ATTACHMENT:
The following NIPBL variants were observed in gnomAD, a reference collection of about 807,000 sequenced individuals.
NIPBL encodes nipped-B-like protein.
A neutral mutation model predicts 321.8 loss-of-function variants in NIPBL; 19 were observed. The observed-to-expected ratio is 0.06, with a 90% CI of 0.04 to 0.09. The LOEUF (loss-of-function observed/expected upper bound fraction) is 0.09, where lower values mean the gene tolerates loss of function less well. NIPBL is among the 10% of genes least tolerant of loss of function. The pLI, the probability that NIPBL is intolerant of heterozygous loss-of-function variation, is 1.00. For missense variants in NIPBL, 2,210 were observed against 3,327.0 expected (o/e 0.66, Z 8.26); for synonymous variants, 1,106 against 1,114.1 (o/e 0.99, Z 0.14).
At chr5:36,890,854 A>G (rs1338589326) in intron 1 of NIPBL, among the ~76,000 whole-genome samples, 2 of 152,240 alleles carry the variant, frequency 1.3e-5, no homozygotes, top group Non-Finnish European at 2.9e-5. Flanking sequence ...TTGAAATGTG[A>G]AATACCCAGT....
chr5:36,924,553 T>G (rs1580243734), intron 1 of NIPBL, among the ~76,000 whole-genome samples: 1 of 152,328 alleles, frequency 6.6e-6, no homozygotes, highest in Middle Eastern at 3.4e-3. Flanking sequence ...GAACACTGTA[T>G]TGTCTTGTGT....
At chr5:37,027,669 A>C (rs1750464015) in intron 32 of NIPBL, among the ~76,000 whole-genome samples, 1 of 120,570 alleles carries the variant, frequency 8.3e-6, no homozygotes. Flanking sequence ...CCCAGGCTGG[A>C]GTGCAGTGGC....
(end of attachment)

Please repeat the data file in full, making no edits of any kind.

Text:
The following NIPBL variants were observed in gnomAD, a reference collection of about 807,000 sequenced individuals.
NIPBL encodes nipped-B-like protein.
A neutral mutation model predicts 321.8 loss-of-function variants in NIPBL; 19 were observed. The observed-to-expected ratio is 0.06, with a 90% CI of 0.04 to 0.09. The LOEUF (loss-of-function observed/expected upper bound fraction) is 0.09, where lower values mean the gene tolerates loss of function less well. NIPBL is among the 10% of genes least tolerant of loss of function. The pLI, the probability that NIPBL is intolerant of heterozygous loss-of-function variation, is 1.00. For missense variants in NIPBL, 2,210 were observed against 3,327.0 expected (o/e 0.66, Z 8.26); for synonymous variants, 1,106 against 1,114.1 (o/e 0.99, Z 0.14).
At chr5:36,890,854 A>G (rs1338589326) in intron 1 of NIPBL, among the ~76,000 whole-genome samples, 2 of 152,240 alleles carry the variant, frequency 1.3e-5, no homozygotes, top group Non-Finnish European at 2.9e-5. Flanking sequence ...TTGAAATGTG[A>G]AATACCCAGT....
chr5:36,924,553 T>G (rs1580243734), intron 1 of NIPBL, among the ~76,000 whole-genome samples: 1 of 152,328 alleles, frequency 6.6e-6, no homozygotes, highest in Middle Eastern at 3.4e-3. Flanking sequence ...GAACACTGTA[T>G]TGTCTTGTGT....
At chr5:37,027,669 A>C (rs1750464015) in intron 32 of NIPBL, among the ~76,000 whole-genome samples, 1 of 120,570 alleles carries the variant, frequency 8.3e-6, no homozygotes. Flanking sequence ...CCCAGGCTGG[A>C]GTGCAGTGGC....